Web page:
MSC Seaside

We were onboard MSC Cruises' MSC Seaside for part of the ship's inaugural sailing in Europe (Trieste to Barcelona) before it heads to its year-round homeport of Miami. The 4,134-passenger ship will be christened there December 21.

MSC Seaside is the second major ship launch for the line this year (MSC Meraviglia was the first). As "the ship that follows the sun," Seaside has been specifically designed for warm climates.

The mission is evident in the design, which is unique in its scope. It's obvious that MSC paid attention to detail and made the ship relevant to where it will be based.

Here are our first impressions of MSC Seaside.

What We Love

Breathtaking Design Outside ...

The entire ship looks out to the ocean, and considering its size, an astonishing 73 percent of cabins are either balconies or outsides. You'll also find a double-width promenade on Deck 8 that's lined with bars and restaurants for alfresco dining and drinking.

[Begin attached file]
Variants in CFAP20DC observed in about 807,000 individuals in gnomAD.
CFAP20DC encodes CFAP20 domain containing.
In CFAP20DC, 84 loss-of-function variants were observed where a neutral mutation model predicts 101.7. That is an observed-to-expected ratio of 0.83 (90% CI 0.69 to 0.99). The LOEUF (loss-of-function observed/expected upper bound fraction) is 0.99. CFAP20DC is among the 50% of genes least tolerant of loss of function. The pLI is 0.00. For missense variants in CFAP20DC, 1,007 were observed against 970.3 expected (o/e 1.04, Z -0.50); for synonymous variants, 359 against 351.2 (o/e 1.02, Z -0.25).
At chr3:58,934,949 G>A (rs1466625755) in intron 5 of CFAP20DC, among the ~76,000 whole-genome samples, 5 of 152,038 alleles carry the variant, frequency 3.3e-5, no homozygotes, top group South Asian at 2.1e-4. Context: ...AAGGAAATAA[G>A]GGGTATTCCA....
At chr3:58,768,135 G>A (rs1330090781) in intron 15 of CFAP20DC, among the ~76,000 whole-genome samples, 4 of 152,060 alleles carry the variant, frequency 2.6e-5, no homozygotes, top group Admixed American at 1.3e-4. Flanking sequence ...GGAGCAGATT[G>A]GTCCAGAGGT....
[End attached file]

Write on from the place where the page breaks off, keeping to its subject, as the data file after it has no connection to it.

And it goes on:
(While that' s not exactly new -- Norwegian Cruise Line started this trend on Norwegian Breakaway -- MSC has taken it a step further on Seaside.)

In keeping with its outdoor theme, Seaside offers outdoor spa and fitness facilities, including spots for open-air spa treatments. It also has the longest (426-foot/130-meter) zipline at sea (more on that below). 

But it's the aft of the ship where you'll find the real wow: Miami-style "condo cabins" complete with wraparound balconies and -- another industry first -- aft outside elevators. A deliberate nod to the ship's homeport, these staterooms are quite simply jaw dropping, combining elegance and style with effortless cool. We've never seen an aft like it (because there isn't one).

We also love the aft South Beach pool and indoor/outdoor South Beach bars, which lie directly below the balconies. We predict these will be a huge hit.

The stunning atrium at the heart of the ship acts as the social hub

... and Inside

It's worth mentioning, however, that MSC never loses sight of its Italian heritage, and those passengers who love the bling and glitz of an MSC ship will not be disappointed.